We constantly hear how a bevy of tactics, from third-party audits to harnessing the latest in technology to even artificial intelligence can make supply chains less wasteful, more efficient and most importantly – far more humane.
A survey completed last fall by a leading middle-market and supply chain research intuition concluded that suppliers that maintain strong and trustworthy personal relationships with their customers often grow at a faster rate than those reporting weaker ties to their clients.
The same could be said as to how larger companies reach out to their suppliers – a concept that is hardly new. Earlier this century, a North Carolina State University research project, amongst several conclusions, implored companies to not assume technology systems can take the place of - or make it easier to develop – personal relationships.
“Supply chain management by its very nature depends on relationships and connections,” opined Supply Chain Quarterly in its review of a recently published book. The authors of Fundamentals of Supply Chain Management: An Essential Guide for the 21st Century posit the very term “supply chain management” is not possible without meaningful relationships between vendors and customers. Another supply chain group, United Kingdom-based Chartered Institute of Procurement & Supply (CIPS), has also admonished companies to avoid “overly formal” relationships with their suppliers and to ensure clear communication channels in order to ensure transparency.
The question, however, is an obvious one: is this even possible when those suppliers are often halfway around the world? What is clear is that at a time when companies say they want an a more inclusive supply chain while reducing poverty worldwide (often in the quest to align with the United Nations Sustainable Development Goals, or SDGs), personal relationships are more important than ever.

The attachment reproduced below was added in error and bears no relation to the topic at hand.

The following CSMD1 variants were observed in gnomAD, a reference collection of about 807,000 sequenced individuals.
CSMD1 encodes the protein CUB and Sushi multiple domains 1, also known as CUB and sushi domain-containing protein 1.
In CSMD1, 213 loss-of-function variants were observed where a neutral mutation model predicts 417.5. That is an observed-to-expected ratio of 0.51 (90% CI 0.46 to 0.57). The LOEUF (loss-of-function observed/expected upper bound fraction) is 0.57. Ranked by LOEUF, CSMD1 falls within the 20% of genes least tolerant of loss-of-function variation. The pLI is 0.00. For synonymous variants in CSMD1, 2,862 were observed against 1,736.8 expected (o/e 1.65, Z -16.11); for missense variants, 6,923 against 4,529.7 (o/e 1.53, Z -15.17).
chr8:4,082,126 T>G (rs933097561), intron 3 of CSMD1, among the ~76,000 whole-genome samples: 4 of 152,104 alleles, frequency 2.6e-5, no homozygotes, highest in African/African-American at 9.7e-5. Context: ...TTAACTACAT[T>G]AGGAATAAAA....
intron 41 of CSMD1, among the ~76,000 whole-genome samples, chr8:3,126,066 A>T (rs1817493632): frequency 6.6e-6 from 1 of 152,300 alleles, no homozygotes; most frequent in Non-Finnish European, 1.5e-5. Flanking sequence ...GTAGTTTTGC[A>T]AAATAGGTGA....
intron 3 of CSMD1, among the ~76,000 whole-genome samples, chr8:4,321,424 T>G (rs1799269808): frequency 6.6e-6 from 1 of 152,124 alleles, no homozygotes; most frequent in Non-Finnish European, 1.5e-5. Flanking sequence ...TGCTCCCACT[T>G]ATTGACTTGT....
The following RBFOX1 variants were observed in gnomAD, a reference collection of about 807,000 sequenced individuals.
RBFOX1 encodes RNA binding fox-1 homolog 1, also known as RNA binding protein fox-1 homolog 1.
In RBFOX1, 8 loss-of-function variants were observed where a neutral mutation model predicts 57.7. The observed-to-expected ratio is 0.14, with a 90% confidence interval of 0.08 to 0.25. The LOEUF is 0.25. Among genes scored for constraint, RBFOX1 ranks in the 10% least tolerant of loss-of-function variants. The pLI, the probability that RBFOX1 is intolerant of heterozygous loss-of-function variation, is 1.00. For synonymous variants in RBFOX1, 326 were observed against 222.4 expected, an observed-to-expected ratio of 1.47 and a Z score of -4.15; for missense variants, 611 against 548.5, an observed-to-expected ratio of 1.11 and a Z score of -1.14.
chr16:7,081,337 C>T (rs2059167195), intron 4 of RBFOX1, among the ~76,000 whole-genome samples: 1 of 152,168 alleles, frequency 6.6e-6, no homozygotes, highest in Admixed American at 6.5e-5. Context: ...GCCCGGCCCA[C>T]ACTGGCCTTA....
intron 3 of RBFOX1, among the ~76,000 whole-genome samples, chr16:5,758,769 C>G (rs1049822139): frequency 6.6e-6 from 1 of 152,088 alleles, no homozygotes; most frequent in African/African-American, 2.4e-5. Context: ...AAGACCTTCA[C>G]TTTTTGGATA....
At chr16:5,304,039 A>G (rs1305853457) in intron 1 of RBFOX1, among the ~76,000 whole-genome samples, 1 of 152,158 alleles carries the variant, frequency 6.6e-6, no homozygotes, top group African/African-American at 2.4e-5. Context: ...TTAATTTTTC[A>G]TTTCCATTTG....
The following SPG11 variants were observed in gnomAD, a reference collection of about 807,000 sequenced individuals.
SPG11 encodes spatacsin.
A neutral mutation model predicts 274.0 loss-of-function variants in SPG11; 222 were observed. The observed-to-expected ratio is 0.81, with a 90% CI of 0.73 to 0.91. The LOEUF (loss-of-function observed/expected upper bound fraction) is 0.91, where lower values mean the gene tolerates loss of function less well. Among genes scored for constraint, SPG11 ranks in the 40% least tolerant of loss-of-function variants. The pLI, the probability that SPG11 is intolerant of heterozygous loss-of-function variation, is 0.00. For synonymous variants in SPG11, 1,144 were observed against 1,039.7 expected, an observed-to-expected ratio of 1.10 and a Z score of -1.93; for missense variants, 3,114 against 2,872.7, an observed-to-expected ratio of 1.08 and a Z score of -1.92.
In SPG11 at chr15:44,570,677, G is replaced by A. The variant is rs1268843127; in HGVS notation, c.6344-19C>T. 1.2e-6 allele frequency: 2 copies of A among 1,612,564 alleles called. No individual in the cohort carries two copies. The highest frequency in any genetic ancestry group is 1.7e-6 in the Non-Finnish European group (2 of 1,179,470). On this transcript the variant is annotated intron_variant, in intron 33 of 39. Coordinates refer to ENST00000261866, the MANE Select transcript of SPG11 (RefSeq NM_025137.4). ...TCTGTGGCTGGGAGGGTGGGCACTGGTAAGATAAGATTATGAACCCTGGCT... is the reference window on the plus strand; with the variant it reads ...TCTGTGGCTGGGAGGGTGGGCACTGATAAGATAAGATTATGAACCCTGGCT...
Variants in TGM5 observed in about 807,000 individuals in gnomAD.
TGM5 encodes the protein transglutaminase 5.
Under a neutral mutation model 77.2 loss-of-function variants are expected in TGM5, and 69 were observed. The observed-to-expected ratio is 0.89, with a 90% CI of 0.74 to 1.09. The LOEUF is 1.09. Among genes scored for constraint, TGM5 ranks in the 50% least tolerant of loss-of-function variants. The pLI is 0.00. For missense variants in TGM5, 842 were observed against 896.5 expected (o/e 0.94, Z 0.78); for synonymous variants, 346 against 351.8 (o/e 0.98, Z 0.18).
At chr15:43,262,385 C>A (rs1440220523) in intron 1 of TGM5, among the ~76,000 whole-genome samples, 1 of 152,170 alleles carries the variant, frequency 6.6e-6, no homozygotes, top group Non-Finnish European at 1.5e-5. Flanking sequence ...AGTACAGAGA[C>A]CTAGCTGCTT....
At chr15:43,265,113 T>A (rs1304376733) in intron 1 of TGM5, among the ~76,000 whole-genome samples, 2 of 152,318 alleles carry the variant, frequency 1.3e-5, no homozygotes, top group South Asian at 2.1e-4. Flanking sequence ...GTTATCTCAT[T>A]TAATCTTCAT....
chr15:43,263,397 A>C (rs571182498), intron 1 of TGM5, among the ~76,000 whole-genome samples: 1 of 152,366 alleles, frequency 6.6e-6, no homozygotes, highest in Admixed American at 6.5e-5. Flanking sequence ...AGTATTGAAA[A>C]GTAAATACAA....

Across any industry, this trifecta of building trust, offering assistance and repeated follow up is working out well for two companies in vastly different industries.
One company that says it has grasped the link between responsible sourcing and personal relationships is the natural personal care products company Burt’s Bees (which is owned by Clorox). The company depends on raw materials such as beeswax, coconut oil and shea butter for products ranging from lip balm to body wash. Sourcing from remote areas far away, of course, is not always the easiest task for a procurement team. To that end, one of Burt’s Bees responsible sourcing professionals, Shannon Hess, has explained how asking suppliers the right questions is a start if a company is committed to responsible sourcing – from inquiring how suppliers go about their daily lives on and off the farm, to whether they have access to the resources they need to produce these ingredients reliably in the first place.
“We’ve invested in these types of personal relationships that make up our supply chain, and they have paid off,” said Hess in another post. “They are part of our commitment to good growth — growth that is profitable, sustainable and responsible.”
The relationships Burt’s Bees strives to build with suppliers in regions such as east Africa can be strengthened by programs including trainings designed to help farmers or growers’ cooperatives improve their yields. As these suppliers watch their businesses become more successful, trust becomes cemented between the farmers and growers and Burt’s Bees buyers. When an unexpected disruption such as severe weather or a pest infestation occurs, Burt’s Bees procurement staff can respond quickly, as they understand the lay of the land and can address the problem almost as soon as it flares up. Hence Burt’s Bees has turned the idea of risk management on its head, allowing the company to be far more proactive than reactive - and meanwhile can make adjustments across its supply chain before it becomes far too late.